You often learn a great deal about a person by asking them how much money it would take for them to feel financially secure? The response to that question varies but even for the wealthy the answer eventually becomes, “more“. The same is true of bicyclists. When we ask the question of each other, “How many people will it take before you feel truly safe on the roadways?“, the answer eventually becomes “more than we have now“.
But there is a problem with that response whether it be in regards to financial security or emotional security as a bicyclists. If you want just a wee bit more money to feel safe there is a burden that comes with its ownership. If you have enough money a financial planner’s services are often sought. And then you have to worry about his competency. He will have you in investment vehicles of all sorts in order to diversify your portfolio but eventually some or most of them will overwhelm your ability to understand their relative safeties.
When you apply this same consideration to bicycling it becomes clear that simply wishing for more people on bicycles to ride alongside you is not enough. Take for instance your last experience riding along the Chicago Lakefront Trail just after the Air and Water Show has ended. There are thousands of people on foot and on bicycle plying their way back home or to their cars. And suddenly it hits you, “Would this many people on a perpetual basis riding alongside me each morning on my commute make me feel safer?”
At first you might be tempted to say “yes“. But at that very moment someone on a bicycle flies past you with mere inches to spare and cuts between pedestrians and bikers alike determined to escape the crush of people. Yikes! And then you notice that virtually every family with children on bikes alongside their parents is either unruly or not mindful of the throngs around them. Instead they are concentrating on finding a bathroom for the youngest to use.
And then it hits you. This is what a traffic jam looks like without cars. Everything is coming to a standstill and the crush of humanity is oppressive and even a bit frightening. You are not free to forge ahead without running up the backside of a pedestrian or another cyclist. This is a nightmare, not a dream come true. And then another revelation hits you. “Why would you have expected anything different?”
The problem with “Rush Hour” is not the cars, it is the behavior of the people driving them. And frankly the reality is whether those people are sitting behind a steering wheel or walking aimlessly along the Lakefront Trail or pedaling a bicycle wildly as they seek to escape the crush of people, they behave in the same fashion. They are self-absorbed, discourteous, unmindful of the harm they could do to others, anxious, and in fact downright afraid.
In fact we humans do not always understand that the crush of people is a mild case of a panic attack. We need to find some small place to sit or stand and gather ourselves. It is difficult to spend hours in a throng without eventually desiring some semblance of being alone. It is why people who have worked an entire week in the crush of an urban setting find it wonderful to weekend away from the city.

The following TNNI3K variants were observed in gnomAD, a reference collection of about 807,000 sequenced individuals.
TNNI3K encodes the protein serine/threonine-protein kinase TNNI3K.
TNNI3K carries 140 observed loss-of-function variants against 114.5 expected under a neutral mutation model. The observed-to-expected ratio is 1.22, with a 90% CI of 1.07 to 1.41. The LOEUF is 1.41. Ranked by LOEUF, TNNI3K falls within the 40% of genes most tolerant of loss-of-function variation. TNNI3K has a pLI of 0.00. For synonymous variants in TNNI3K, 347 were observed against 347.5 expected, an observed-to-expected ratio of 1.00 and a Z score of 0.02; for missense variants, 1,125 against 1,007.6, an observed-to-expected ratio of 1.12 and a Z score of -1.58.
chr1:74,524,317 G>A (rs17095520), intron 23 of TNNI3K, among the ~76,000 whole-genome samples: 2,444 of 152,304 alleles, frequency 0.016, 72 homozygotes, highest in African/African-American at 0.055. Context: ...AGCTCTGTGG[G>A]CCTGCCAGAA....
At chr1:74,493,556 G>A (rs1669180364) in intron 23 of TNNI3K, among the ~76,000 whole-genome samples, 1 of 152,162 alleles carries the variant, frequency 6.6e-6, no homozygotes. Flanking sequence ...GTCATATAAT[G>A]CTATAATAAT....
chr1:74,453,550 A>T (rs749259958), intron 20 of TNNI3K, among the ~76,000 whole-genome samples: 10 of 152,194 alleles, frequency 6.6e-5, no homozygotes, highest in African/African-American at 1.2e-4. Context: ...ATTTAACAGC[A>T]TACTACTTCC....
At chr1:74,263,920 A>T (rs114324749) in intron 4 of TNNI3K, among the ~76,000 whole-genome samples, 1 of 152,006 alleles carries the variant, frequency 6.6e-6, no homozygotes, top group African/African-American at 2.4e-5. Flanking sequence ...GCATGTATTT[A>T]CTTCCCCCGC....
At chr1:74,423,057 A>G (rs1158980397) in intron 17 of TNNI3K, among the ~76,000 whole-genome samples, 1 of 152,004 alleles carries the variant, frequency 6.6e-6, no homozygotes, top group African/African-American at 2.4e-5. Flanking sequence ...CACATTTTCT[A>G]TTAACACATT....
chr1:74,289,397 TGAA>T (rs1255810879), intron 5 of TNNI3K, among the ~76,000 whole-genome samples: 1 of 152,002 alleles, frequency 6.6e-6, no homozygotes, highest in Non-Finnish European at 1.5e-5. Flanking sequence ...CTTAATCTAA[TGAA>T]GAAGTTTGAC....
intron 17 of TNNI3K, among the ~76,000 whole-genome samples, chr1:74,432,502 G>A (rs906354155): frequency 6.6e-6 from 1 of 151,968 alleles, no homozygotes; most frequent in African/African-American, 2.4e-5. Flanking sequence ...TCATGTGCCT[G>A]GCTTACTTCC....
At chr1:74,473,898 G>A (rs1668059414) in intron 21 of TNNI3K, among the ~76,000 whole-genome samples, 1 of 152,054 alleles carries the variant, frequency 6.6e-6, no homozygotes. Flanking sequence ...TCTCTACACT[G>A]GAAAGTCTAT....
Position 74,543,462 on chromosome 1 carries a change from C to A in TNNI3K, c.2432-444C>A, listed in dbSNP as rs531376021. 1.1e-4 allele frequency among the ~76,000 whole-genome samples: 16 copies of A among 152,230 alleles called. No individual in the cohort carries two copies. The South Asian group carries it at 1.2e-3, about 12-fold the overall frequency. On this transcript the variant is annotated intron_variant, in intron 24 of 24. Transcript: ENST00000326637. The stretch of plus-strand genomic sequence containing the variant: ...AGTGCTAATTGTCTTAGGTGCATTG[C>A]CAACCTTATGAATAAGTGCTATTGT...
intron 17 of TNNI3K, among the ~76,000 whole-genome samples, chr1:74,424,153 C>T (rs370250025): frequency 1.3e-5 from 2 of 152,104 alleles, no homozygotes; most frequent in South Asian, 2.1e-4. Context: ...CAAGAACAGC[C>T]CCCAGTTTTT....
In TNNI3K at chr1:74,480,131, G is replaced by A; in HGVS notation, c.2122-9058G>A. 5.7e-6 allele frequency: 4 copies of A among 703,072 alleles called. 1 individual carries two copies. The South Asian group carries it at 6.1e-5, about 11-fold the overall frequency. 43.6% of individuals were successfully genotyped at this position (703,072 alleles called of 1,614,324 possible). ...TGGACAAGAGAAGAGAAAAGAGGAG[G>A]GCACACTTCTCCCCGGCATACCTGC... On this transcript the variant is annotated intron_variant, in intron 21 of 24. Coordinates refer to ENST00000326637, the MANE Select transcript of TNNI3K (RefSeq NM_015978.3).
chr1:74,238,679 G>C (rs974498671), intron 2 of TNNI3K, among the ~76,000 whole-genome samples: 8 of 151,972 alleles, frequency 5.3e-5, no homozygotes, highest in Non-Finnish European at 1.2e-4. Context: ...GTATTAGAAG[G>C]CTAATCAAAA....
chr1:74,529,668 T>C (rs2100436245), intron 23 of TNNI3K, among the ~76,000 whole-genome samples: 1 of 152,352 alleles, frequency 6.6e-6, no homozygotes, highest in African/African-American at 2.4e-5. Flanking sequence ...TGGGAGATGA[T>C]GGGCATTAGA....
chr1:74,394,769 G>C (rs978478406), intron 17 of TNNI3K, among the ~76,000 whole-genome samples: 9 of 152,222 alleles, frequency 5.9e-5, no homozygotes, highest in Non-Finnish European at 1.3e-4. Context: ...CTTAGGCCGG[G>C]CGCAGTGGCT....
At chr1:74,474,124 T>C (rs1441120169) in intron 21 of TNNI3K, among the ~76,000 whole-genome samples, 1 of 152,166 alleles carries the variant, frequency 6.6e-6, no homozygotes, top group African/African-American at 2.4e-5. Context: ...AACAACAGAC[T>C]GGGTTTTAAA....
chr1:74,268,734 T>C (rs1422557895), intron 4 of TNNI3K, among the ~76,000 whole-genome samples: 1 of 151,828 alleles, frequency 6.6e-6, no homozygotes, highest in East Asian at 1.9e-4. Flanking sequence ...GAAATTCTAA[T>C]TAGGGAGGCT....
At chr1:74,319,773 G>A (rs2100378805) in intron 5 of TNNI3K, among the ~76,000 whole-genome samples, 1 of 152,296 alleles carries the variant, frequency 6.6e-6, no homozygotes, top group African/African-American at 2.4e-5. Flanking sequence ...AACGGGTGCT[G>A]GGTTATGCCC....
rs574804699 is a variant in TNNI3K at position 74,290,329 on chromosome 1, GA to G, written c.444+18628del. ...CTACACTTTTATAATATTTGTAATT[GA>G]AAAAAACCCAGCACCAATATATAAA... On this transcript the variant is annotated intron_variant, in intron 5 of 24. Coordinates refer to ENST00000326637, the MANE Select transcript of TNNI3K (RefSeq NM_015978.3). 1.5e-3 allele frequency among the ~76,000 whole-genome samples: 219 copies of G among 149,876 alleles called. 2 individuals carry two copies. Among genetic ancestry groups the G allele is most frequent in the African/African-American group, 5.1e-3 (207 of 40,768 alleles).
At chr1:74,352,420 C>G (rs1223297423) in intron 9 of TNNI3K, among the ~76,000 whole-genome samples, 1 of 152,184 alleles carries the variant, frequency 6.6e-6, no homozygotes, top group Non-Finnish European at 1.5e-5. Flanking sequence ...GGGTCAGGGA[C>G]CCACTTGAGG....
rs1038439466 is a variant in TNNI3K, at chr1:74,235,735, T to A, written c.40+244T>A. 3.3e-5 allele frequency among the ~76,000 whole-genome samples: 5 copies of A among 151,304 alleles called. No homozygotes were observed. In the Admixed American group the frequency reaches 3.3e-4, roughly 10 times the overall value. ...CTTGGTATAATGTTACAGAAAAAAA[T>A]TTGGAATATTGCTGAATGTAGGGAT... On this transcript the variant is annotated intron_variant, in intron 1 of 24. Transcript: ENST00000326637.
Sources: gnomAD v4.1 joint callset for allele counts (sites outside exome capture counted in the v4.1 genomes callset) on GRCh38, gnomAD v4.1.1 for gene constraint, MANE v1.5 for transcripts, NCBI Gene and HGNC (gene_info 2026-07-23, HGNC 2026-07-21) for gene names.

Bicycling is not a solution to any problem with have with lots of people concentrated in a relatively small space. It does not free us up to be more human when we are plodding along on a bicycle in “fender-to-fender” traffic any more than it would be to sit behind the wheel of gas guzzler in “bumper-to-bumper” traffic. And frankly we are no less aggravated with self-absorbed human behavior when on a bicycle than we would be behind a steering wheel.
It is always the fact that we are dealing with our fellow man that causes the heartburn. With enough bicycle traffic you can find yourself not being able to execute your normal (but illegal) Idaho Stop simply because you are riding with others who like you are trying to barge through an intersection and it is difficult to read that many minds at once. You end up deciding to try to find a side street just to keep from blowing your top.
It does not help that a cyclist can cause you great damage by sweeping past your and hitting your front wheel and down you go breaking a collarbone or chipping a tooth. And sure you think to yourself I did not get doored. But pain is pain and you can suffer severe damage even in a bicycle-on-bicycle collision. If you doubt that fact just watch some reruns of the Tour de France. The human body is horribly exposed on a bicycle. You have no airbags to cushion your fall or prevent concussion or even brain bleed.
So the next time you are asked how many people will it take to make you feel safe, carefully consider your response. Can you trust the cyclists around you to keep you safe? Will there be ones in that commuting crowd who is thinking about something other than controlling that bike of his? Will he do something stupid that injures himself as well as you? After all if the injury is severe enough you still have to be transported to a hospital in an ambulance and you still need to file a police report.
And oh by the way, there are no vulnerable user laws to protect you when you collide with one of your own. This is uncharted territory for our society and we will reach recognition of that fact with some awful truth that cycling can be safe but it depends on the people around us.